Monday 19 March 2018

Day of the Long Knives claims 10 victims in the harshest cull for 54 years

Out: Theresa Villiers. Photo: PA
Out: Theresa Villiers. Photo: PA

Peter Dominiczak and Christopher Hope

Theresa May carried out a cull of some of David Cameron's closest allies yesterday in an effort to distance her Government from her predecessor's administration.

By last night, 10 senior ministers had been either sacked or forced to resign following a two-day reshuffle designed to represent a clean break from Mr Cameron's administration.

Mrs May started the second day of her Cabinet reshuffle by sacking Michael Gove as Justice Secretary, Oliver Letwin as Cabinet Office minister, Nicky Morgan as Education Secretary and John Whittingdale as Culture Secretary.

Five more ministers including Theresa Villiers and Greg Hands were then removed from the Cabinet during what was described in Westminster as the "Day of the Long Knives" in reference to the "Night of the Long Knives", when the then Tory Prime Minister Harold Macmillan dismissed seven members of his Cabinet in 1962.

Sources close to Mrs May said that the scale of the changes meant that "this shows Theresa May is no caretaker" for her predecessor David Cameron's government.

Mr Gove, one of the architects of the Leave campaign in the EU referendum, had hoped to stay in his post and had in recent days made "efforts to reach out" to the new Prime Minister, sources said. However, in a sign of her ruthlessness, Mrs May told Mr Gove he would play no part in her Cabinet during a "business-like meeting" in her new Commons office.

Mrs May and Mr Gove clashed repeatedly when they served in Mr Cameron's government, notably over their policy on tackling extremism in schools.

Mr Gove told reporters as he climbed into a taxi to leave the House of Commons: "It's been an enormous privilege to serve for the last six years - best of luck to the new government."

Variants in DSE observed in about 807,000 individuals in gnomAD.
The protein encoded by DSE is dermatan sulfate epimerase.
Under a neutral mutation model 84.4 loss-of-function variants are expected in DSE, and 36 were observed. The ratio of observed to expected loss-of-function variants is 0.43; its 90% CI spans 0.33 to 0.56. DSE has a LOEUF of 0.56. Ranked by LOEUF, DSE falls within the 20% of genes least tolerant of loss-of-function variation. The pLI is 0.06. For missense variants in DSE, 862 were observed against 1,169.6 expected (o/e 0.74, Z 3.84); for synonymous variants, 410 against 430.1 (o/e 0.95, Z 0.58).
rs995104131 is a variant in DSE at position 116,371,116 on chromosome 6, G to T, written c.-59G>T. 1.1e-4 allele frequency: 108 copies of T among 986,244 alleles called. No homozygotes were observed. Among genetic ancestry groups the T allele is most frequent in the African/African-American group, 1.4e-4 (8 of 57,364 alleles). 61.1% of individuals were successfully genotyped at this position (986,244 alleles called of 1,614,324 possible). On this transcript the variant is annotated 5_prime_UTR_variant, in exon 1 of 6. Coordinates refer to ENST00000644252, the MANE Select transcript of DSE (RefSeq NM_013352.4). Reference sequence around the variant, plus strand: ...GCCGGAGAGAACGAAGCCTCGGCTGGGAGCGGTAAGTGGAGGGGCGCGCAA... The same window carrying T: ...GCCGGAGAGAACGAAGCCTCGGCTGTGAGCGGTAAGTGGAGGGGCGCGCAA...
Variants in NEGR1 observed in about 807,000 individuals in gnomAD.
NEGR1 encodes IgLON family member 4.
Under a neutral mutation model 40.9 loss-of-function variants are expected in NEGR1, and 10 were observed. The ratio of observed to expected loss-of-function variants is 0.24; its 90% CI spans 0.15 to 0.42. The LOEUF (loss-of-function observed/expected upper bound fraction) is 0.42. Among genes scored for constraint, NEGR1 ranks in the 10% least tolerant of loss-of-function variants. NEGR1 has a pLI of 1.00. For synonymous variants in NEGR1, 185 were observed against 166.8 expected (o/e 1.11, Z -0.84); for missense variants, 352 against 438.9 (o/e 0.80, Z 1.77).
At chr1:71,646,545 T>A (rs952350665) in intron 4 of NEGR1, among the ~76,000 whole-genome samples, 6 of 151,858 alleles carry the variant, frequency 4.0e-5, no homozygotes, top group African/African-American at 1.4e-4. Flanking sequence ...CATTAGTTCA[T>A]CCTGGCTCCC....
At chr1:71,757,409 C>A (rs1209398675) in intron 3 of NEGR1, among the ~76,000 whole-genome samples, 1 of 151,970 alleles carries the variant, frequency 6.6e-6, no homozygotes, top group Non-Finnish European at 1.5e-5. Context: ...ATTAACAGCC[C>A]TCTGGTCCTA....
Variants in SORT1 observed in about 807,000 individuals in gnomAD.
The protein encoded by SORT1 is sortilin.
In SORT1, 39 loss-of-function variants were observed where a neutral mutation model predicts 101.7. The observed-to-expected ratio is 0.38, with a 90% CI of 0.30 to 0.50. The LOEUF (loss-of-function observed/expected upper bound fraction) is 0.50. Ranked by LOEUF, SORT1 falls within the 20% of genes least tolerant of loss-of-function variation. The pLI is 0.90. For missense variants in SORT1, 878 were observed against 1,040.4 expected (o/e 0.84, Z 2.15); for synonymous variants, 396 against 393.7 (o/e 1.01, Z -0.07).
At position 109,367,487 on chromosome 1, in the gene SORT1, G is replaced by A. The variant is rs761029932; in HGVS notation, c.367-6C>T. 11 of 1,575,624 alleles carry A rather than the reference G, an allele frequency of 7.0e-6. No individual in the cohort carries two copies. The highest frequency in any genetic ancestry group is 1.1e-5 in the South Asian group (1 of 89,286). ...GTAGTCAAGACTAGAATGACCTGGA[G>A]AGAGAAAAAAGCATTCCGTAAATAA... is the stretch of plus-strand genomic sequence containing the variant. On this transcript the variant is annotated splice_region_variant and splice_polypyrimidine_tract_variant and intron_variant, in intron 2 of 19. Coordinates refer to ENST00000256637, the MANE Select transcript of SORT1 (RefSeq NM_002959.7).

Asked about his plans, Mr Whittingdale put on a brave face shortly after he was sacked, saying: "We are going to get drunk."

Mrs Villiers quit after refusing to accept a job as number two in the Home Office, which would have meant effectively swapping jobs with James Brokenshire.

There was speculation that Ms Villiers was moved from Northern Ireland because Mrs May wants a Remain supporting minister there to negotiate border issues with Ireland. The North voted Remain in the referendum.

The changes came after Mrs May sacked George Osborne as Chancellor, a post he held since May 2010, telling him he was not wanted in her government.

Other figures who were sacked from the Cabinet or resigned before being dismissed included Matthew Hancock, the Cabinet Office minister, Baroness Stowell, the Leader of the House of Lords, and Mark Harper, the former Chief Whip.

Brexit minister unaware of how EU deals work

The newly-appointed minister in charge of negotiating Britain's exit from the European Union appears to be unaware of how EU trade deals work, it has emerged.

David Davis was appointed as Theresa May's Secretary of State for Exiting the EU immediately after she arrived at Number 10.

The Leave backer and former Europe Minister said during the referendum campaign that Britain would negotiate individual trade deals with other EU countries. However, one of the main features of the EU is that member countries cannot negotiate individual trade deals and instead do so as a bloc of 28.

The rule, which was paraded by other parts of the Leave campaign during the referendum, leaves Mr Davis's original plan for one-on-one trade deals in tatters.

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